Readers of Carolyn Custis James are familiar with her recurrent challenge to believers to pattern views of gender not after cultural descriptors but after the unblemished design God gives in the first two chapters of Genesis. In books like When Life and Beliefs Collide, The Gospel of Ruth, and Half the Church, she carefully mines God’s blueprint and insists that it should define what it means to be female.
James now turns her focus on men for the first time in her latest book, Malestrom: Manhood Swept into the Currents of a Changing World. Manhood, she claims, is under siege and not because there are women in the board room and men in the laundry room. The crisis that threatens men has ancient roots according to James, and the only real solution is to recapture the even more ancient imago dei we find revealed in those first two chapters of Genesis.
She tags this crisis "the malestrom" and defines it as “the particular ways in which the fall impacts the male of the human species—causing a man to lose himself, his identity and purpose as a man, and above all else, to lose sight of God’s original vision for his sons” (18). Her solution for men is strikingly similar to the solution she offers women in her other writings. This is not surprising, given James’s point that man and woman were equally and jointly tasked at creation with ruling and subduing the earth.
On one level, this call to image God is simple foundational gospel. God made humankind in his image. We fell. Christ came to return us to God’s original design so that by knowing him, we might reflect his very nature and thereby glorify him. This is equally true for men and women. But for James, man’s lostness shows up in ways that are strikingly different for men than for women. This is nowhere more evident than in her discussion of patriarchy, a system she says not only marginalizes women, but sets men vying for power with one another, and locks them in violent competition. According to James, patriarchy is the primary expression of the malestrom, and dethroning it is a significant focus of her book. Unflinchingly she argues that it is destructive and, worse, “runs counter to the gospel of Jesus” (30).
This will sound like heresy for many in the evangelical culture wars. But James makes a strong case that “patriarchy is not the Bible’s message. Rather, it is the fallen cultural backdrop that sets off in the strongest relief the radical nature and potency of the Bible’s gospel message” (31).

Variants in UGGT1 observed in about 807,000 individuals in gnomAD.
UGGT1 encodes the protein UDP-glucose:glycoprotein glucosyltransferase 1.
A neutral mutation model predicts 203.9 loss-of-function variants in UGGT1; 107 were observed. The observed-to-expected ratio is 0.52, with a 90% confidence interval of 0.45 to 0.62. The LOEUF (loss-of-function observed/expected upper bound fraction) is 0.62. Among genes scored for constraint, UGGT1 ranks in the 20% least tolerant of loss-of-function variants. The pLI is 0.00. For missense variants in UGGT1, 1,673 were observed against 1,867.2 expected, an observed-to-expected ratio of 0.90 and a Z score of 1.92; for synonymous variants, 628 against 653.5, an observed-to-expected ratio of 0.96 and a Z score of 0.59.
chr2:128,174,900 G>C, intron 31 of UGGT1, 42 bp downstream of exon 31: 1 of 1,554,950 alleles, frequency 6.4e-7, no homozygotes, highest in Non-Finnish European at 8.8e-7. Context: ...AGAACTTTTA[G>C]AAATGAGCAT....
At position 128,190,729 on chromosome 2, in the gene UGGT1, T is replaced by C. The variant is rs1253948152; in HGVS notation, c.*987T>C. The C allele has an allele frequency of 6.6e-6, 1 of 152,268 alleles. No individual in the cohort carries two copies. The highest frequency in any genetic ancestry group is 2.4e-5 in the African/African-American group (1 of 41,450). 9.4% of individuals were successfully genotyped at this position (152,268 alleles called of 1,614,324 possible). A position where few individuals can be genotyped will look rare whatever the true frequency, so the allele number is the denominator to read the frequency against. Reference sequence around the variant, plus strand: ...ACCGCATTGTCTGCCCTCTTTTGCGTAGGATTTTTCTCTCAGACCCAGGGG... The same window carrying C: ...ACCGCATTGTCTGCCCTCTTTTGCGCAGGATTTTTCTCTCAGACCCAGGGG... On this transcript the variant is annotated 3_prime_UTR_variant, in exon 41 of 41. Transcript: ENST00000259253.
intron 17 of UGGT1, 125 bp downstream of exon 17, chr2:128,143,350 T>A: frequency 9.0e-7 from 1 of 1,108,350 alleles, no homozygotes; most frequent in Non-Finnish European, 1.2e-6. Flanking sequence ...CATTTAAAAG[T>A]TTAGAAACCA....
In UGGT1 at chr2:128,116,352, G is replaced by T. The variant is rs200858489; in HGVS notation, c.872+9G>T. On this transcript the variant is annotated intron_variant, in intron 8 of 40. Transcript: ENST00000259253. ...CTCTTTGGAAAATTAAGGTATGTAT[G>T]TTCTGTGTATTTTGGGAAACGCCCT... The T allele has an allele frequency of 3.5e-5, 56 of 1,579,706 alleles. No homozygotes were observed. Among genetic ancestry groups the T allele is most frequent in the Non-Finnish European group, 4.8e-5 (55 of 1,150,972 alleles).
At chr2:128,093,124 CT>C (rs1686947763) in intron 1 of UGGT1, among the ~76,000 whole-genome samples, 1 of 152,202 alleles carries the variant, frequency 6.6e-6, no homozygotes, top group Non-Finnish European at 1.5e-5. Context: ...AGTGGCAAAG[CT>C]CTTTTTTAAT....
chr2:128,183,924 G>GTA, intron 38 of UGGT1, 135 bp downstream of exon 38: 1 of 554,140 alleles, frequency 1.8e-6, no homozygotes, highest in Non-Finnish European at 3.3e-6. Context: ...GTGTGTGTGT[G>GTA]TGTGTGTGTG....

Her take on Abraham, that most quintessential of patriarchs, is revealing in this regard. His boldest act of obedience is actually quite un-patriarchal, James points out. Abraham comes within inches of killing his son Isaac, that long awaited heir on whom Abraham’s legacy depends (Genesis 22:9-10). It is significant that in this act, Abraham powerfully images the nature of God the father, pointing to the future sacrifice that will save us all. This undergirds James’ thesis that imago dei overthrows patriarchy. But Abraham is not unscathed by the malestrom. James reminds us that this same Abraham in sheer self-protection, uses his wife Sarah not once, but twice, as a human shield. (See Genesis, chapters 12 and 20.)
Lest we be tempted to think patriarchy is a strictly historical fixture, James identifies its many current manifestations. Honor killings and human trafficking are just two. She also goes to lengths to point out that patriarchy is bad for men as well as women. The malestrom promises purpose and identity for those who can accrue enough power to scramble to the top of the heap. But this sort of power brings destructive self-centeredness for those at the top and oppression to those at the bottom. The growth of Isis and its success at recruiting young men from affluent Western nations is one potent example James gives.
Malestrom is organized into nine chapters, each of which includes a biblical example. While several expose the malestrom’s destructiveness, most illustrate ways God’s people have beautifully and powerfully overcome it by embodying God’s image. Several illustrate James’s “blessed alliance,” a term she has coined to describe God’s original design of men and women supporting one another to accomplish God’s will. The story of Deborah, Barak, and Jael is notable in chapter four.
James is nothing if not passionate about the need to address the crisis of the malestrom. There are times, though, when her brush stroke is so broad it seems to encompass every ill on planet earth. And those looking for a laundry list for godly masculinity will be disappointed in Malestrom. The book refuses to address this anxious obsession of many evangelicals. It is significant; however, that by exploring the unique ways the fall has profoundly damaged the masculine, James affirms a distinction between male and female. This book in conjunction with James’s earlier books suggests that the only way to know exactly what gender should look like is not to dictate rules and roles, but for each believer to put God at the center of his or her life and allow God’s image to shine through.